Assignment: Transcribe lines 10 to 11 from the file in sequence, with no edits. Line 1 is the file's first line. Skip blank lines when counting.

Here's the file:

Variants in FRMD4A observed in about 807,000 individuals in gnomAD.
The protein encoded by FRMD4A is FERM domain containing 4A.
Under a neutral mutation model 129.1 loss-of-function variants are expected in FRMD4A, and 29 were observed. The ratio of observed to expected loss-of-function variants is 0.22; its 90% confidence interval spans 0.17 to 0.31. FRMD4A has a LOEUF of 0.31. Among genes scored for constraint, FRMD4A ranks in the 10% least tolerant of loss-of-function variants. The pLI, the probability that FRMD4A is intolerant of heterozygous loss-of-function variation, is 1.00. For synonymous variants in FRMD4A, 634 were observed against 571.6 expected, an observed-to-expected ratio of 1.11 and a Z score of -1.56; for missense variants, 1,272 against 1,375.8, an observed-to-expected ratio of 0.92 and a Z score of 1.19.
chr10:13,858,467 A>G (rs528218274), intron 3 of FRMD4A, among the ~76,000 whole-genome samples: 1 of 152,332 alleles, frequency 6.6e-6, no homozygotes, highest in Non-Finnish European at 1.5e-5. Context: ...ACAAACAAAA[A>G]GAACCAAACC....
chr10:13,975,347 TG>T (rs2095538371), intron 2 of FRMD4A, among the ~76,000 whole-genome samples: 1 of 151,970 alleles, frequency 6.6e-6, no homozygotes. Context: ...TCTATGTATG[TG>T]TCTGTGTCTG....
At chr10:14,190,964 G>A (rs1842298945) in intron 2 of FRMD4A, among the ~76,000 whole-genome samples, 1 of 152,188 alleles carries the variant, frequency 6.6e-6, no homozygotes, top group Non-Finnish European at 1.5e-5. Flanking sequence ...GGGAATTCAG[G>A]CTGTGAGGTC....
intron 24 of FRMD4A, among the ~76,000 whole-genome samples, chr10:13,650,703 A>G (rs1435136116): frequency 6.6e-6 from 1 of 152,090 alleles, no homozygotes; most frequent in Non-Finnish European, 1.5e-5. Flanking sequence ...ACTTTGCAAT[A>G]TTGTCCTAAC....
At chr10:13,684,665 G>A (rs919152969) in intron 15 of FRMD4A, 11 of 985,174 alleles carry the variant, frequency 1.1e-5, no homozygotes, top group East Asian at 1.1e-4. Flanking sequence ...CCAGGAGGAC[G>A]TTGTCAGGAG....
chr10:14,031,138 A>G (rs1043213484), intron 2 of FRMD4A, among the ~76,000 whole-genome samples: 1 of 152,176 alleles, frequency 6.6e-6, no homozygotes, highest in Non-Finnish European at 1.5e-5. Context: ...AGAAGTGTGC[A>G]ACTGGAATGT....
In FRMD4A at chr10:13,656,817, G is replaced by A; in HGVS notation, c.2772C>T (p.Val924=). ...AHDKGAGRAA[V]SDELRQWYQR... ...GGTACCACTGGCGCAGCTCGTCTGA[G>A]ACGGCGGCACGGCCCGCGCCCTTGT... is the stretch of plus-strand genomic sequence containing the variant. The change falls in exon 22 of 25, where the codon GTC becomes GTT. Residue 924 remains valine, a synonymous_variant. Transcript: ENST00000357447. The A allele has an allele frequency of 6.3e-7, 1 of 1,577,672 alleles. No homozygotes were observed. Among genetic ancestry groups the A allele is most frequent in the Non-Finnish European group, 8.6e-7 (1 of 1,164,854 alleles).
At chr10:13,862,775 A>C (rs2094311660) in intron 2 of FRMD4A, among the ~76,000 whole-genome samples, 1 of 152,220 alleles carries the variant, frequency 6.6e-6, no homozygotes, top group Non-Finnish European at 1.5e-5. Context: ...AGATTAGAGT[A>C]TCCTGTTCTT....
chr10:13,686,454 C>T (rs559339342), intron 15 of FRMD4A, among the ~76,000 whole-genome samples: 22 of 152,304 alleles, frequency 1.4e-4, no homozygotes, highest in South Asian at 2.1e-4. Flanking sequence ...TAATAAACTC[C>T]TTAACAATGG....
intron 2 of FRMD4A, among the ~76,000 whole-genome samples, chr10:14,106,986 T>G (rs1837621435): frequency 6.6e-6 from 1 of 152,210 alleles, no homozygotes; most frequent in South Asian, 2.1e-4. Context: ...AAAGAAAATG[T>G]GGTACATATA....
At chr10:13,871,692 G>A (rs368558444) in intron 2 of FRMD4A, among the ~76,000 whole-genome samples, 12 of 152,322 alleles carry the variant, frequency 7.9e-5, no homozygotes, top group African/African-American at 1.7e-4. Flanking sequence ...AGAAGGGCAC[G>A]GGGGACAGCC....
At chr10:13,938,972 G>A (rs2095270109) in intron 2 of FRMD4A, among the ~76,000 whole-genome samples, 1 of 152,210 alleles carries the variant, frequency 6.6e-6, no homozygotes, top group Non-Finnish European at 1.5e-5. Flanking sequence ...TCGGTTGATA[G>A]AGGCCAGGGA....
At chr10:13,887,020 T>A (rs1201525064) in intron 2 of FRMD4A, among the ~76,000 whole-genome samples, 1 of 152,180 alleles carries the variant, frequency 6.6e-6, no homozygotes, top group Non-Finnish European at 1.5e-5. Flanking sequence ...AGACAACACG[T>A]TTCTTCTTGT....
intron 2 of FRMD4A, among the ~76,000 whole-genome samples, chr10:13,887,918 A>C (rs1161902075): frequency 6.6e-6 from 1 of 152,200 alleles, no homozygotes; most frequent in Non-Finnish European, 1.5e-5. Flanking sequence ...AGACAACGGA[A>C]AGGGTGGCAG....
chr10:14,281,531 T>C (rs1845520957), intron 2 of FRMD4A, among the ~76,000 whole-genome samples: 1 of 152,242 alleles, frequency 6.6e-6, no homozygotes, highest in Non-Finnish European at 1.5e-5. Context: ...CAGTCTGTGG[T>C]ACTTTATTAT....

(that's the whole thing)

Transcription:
In FRMD4A at chr10:13,656,817, G is replaced by A; in HGVS notation, c.2772C>T (p.Val924=). ...AHDKGAGRAA[V]SDELRQWYQR... ...GGTACCACTGGCGCAGCTCGTCTGA[G>A]ACGGCGGCACGGCCCGCGCCCTTGT... is the stretch of plus-strand genomic sequence containing the variant. The change falls in exon 22 of 25, where the codon GTC becomes GTT. Residue 924 remains valine, a synonymous_variant. Transcript: ENST00000357447. The A allele has an allele frequency of 6.3e-7, 1 of 1,577,672 alleles. No homozygotes were observed. Among genetic ancestry groups the A allele is most frequent in the Non-Finnish European group, 8.6e-7 (1 of 1,164,854 alleles).
At chr10:13,862,775 A>C (rs2094311660) in intron 2 of FRMD4A, among the ~76,000 whole-genome samples, 1 of 152,220 alleles carries the variant, frequency 6.6e-6, no homozygotes, top group Non-Finnish European at 1.5e-5. Context: ...AGATTAGAGT[A>C]TCCTGTTCTT....